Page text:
Overrated/Underrated: Marvin Pontiac is a man for all seasons, and ‘Mrs. Maisel’ isn’t all that marvelous
HBO’s global reach: With a holiday break within range, the fear of the endless scroll through limited streaming options is real, but thankfully HBO has restocked with some international fare. A few notable picks are “The Pact,” a Polish-language remake of the knotty Scandinavian mystery-thriller “Mammon,” and “Wasteland,” a grim Czech miniseries screened at last year’s Toronto International Film Festival that looks at intrigue in a small town disrupted by mining interests. They’re not exactly perky, but depending on your holiday dinners with extended family, they may be preferable to talking current events.
For the record:
12:35 p.m. Dec. 22, 2017An earlier version of this story misspelled the name of Alex Borstein.
‘Marvin Pontiac: The Asylum Tapes’: Released to streaming services last month as a sort of holiday surprise, this 24-track collection on one hand heralds the return of a visionary outsider blues artist who acquired a cult following with the release of his recordings in 1999. On the other, it’s a welcome return for John Lurie, the painter, actor and onetime leader of the Lounge Lizards who invented this delightfully odd alter-ego as an outlet for his expressive, occasionally surreal music. An unpredictable, trance-like mix of layered vocals, barbed guitar and strange storytelling, the album satisfies in all seasons. (Warning: The video below contains some graphic language).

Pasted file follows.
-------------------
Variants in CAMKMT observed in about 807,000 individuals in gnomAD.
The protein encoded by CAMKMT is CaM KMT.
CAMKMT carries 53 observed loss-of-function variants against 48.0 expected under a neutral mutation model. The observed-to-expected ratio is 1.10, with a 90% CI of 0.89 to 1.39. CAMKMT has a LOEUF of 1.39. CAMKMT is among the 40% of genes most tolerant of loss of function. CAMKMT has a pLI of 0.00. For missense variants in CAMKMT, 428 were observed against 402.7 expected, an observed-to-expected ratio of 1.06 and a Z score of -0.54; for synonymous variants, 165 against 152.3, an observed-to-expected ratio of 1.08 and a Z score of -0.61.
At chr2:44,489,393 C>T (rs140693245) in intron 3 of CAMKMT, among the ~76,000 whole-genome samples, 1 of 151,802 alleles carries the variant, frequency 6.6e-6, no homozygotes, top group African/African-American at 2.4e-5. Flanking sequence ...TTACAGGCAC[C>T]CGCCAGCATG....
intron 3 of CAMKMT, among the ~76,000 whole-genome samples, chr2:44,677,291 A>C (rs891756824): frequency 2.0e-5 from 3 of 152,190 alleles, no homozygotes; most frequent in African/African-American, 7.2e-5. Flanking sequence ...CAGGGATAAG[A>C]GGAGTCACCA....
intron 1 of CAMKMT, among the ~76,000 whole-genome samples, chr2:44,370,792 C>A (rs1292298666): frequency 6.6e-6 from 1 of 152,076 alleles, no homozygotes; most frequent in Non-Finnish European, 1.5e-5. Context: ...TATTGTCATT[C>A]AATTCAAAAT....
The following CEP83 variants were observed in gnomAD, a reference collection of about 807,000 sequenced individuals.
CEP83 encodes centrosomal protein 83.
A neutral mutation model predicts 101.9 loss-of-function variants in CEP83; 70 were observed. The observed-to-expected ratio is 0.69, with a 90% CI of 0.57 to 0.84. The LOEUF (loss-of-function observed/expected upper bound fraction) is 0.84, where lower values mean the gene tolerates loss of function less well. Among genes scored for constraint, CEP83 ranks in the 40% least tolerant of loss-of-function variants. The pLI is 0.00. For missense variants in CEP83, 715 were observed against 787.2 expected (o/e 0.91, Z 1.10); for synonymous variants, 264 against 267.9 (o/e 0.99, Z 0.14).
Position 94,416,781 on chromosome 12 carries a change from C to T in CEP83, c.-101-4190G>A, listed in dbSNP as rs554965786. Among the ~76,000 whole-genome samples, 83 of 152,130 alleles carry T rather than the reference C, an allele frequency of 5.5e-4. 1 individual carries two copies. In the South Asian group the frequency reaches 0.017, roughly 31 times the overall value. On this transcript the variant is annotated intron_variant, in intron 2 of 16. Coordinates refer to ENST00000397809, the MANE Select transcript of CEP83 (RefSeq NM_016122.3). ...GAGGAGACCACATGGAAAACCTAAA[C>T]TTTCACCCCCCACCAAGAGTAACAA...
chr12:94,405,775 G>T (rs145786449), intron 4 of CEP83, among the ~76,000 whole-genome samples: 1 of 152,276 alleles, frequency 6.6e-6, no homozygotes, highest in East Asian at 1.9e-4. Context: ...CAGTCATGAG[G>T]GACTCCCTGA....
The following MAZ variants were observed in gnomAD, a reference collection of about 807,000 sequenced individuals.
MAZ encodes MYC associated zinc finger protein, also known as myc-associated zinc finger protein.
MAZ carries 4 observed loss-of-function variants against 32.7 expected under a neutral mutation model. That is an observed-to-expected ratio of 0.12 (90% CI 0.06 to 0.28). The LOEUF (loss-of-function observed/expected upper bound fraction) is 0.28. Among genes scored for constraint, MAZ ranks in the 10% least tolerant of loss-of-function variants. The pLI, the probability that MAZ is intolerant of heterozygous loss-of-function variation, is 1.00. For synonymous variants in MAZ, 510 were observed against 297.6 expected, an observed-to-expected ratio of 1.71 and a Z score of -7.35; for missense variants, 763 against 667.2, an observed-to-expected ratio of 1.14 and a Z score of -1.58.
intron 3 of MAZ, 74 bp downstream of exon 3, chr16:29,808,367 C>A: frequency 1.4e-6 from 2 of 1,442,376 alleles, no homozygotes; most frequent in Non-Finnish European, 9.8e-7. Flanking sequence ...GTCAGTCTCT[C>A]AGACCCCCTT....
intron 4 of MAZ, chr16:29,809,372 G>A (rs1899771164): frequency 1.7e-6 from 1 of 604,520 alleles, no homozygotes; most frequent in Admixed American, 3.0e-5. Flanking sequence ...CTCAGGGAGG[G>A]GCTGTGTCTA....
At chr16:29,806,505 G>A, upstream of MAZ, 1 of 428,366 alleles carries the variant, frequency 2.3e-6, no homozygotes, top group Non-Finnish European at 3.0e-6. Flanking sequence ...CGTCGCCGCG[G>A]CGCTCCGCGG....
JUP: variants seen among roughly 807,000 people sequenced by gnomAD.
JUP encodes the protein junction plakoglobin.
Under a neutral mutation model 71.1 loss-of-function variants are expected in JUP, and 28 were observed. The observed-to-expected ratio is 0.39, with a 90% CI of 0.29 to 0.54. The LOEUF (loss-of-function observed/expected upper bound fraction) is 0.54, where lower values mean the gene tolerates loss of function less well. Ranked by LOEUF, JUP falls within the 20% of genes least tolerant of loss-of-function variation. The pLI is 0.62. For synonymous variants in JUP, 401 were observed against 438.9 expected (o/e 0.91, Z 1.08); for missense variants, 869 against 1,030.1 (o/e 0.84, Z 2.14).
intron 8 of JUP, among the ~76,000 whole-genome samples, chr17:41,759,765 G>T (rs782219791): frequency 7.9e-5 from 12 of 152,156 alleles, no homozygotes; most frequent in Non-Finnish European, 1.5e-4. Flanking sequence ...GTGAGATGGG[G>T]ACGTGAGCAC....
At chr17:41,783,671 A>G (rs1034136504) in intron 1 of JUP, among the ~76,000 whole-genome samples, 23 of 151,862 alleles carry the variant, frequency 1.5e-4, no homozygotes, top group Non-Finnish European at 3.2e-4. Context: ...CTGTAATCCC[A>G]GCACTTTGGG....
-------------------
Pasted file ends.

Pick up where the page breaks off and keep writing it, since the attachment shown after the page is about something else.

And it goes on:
“The Marvelous Mrs. Maisel” on Amazon: As even the most ardent “Gilmore Girls” fan will admit, the rapid-fire dialogue of Amy Sherman-Palladino can be a divisive proposition. And though she’s found a suitably banter-ready platform in a show set in the early years of stand-up, this series is not yet as strong as its early raves. Rachel Brosnahan is magnetic as the series’ title character, as is her dry foil (Alex Borstein of HBO’s great “Getting On”), but the rest feels disappointingly thin, and the fizzy fantasia driving the story grows exhausting.
Another Eminem comeback: With the exception of recent Grammy nominee Jay-Z — and A Tribe Called Quest, who were unjustly snubbed this year — hip-hop is not kind to its veteran stars. And for all the political posturing on his latest album, “Revival,” there’s something about a maturing Eminem that doesn’t resolve his years spent as the genre’s misogynist troll and a sound that can’t keep up with the times. Even his briefly lauded freestyle from BET’s Hip-Hop Honors was well overshadowed by another veteran in a recent clip from the Roots’ Black Thought, who showed how much further a restless hip-hop artist can reach.
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